Out-Law News | 20 Nov 2014 | 5:00 pm | 2 min. read
Developer Rainier Properties applied to Hinckley and Bosworth Borough Council in June 2013 for outline permission to construct up to 135 homes on seven hectares of degraded parkland surrounding an Edwardian villa in the village of Burbage. The Council refused the application in October 2013, citing concerns about the impact the proposed development would have on local traffic, neighbouring properties and the character and beauty of the countryside.
The developer’s subsequent appeal was recovered for determination by the SoS. Planning inspector D R Cullingford recommended to the SoS that the appeal be dismissed and permission granted for the scheme. A decision letter (112-page / 1.5 MB PDF) issued this week said the SoS agreed with Cullingford’s assessment.
The SoS agreed with the inspector that housing policies in the adopted Hinckley and Bosworth core strategy (HBCS) must be considered out of date given the Council's inability to demonstrate a five-year supply of deliverable housing land.
The letter noted that "the need for affordable housing [in the area] is acute" and that the proposed delivery of 40% affordable housing within the development against a Council target of 20% weighed in favour of granting permission. The SoS agreed with the inspector that the indicative scheme was well-designed and would provide a wide range of housing types and sizes at a low density in a location that was close to the employment opportunities and facilities of the adjacent 'sub regional centre' of Hinckley. Also weighing in favour of development was the proposed use of around a third of the site as public open space, the letter said.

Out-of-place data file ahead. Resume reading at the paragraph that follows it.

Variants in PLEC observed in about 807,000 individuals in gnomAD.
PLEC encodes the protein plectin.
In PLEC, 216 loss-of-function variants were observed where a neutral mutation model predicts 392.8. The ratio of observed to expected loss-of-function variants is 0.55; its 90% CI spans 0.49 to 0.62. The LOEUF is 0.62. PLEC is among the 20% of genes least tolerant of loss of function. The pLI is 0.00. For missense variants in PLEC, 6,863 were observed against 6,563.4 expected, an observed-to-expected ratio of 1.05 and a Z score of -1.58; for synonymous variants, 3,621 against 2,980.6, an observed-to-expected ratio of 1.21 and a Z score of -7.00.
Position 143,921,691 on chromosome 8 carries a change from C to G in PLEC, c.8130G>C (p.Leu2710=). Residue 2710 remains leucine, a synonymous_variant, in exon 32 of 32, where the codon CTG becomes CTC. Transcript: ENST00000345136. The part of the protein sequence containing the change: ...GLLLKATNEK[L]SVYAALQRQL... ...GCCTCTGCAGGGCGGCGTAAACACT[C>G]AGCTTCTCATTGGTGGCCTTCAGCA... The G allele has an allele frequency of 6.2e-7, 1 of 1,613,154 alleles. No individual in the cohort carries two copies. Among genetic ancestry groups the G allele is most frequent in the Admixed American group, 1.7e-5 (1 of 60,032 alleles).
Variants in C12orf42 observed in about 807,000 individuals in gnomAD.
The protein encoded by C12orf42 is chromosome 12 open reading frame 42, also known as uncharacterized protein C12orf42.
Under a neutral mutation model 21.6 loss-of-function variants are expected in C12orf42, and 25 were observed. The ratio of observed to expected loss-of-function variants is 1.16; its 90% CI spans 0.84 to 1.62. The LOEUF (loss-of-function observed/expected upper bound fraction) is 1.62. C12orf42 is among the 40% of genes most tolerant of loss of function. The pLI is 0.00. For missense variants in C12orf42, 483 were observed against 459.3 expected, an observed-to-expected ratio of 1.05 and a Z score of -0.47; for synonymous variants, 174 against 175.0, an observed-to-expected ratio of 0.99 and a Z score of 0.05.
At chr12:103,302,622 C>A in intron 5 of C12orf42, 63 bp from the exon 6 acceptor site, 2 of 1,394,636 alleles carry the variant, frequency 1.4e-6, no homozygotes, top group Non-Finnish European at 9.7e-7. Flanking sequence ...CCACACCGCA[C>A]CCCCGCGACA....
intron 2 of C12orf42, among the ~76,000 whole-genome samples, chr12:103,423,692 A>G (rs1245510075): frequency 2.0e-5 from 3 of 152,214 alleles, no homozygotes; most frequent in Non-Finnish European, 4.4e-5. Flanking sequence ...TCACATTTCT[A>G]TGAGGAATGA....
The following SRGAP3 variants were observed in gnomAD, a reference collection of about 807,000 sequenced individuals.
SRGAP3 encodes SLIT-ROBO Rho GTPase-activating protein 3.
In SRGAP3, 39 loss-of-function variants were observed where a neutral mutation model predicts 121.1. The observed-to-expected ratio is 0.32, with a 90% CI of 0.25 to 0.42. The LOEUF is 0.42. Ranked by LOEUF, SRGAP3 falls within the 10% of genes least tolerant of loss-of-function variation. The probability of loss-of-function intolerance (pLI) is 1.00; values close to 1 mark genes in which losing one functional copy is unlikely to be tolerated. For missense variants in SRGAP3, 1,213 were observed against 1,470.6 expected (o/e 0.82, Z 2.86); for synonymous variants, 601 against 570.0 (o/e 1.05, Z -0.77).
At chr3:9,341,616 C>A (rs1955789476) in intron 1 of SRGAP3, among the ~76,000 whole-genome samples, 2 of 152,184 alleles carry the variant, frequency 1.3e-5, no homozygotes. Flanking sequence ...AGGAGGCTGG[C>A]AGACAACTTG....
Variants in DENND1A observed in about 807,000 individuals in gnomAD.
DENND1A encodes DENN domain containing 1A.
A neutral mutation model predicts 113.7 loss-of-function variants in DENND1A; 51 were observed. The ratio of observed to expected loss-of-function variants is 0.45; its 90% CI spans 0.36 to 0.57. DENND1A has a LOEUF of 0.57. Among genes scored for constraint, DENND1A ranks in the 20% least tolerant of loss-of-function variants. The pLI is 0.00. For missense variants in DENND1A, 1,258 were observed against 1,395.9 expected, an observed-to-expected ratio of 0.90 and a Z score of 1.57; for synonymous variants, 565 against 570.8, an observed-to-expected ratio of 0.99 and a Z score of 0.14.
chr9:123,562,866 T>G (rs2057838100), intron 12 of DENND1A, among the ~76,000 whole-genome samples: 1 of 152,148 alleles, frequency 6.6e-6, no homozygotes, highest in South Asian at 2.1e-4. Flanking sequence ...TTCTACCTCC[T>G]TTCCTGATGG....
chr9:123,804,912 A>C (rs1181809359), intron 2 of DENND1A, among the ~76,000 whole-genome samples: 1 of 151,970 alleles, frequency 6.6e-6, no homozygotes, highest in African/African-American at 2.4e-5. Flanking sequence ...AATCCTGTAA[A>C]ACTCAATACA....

The SoS decided that the harm caused by the development of a greenfield site outside the existing development boundary would be "limited" and that any impact would be reduced by the proposed landscaping and the low density of the scheme. While additional traffic would result from the development, the increase in flow would be "modest" and "would not significantly alter the quiet and safe character of the streets", the letter said.
The letter noted that the Burbage neighbourhood area had been designated as a neighbourhood plan area in early 2014. While the SoS has previously given weight to whether proposed developments have been designated in relevant emerging neighbourhood plans, the letter noted that there had been "no evidence of progression beyond designation of the area in early 2014". The SoS had therefore not given any weight to the designation in coming to his decision.
"The limited environmental and residential amenity harm identified would not be sufficient to significantly and demonstrably outweigh the benefits of the provision of up to 135 dwellings, 40% of which would be affordable, to be delivered in a sustainable location close to the sub-regional centre," concluded the SoS. "The SoS finds that the open space provision and diversity of housing type would add further weight in favour of the proposal."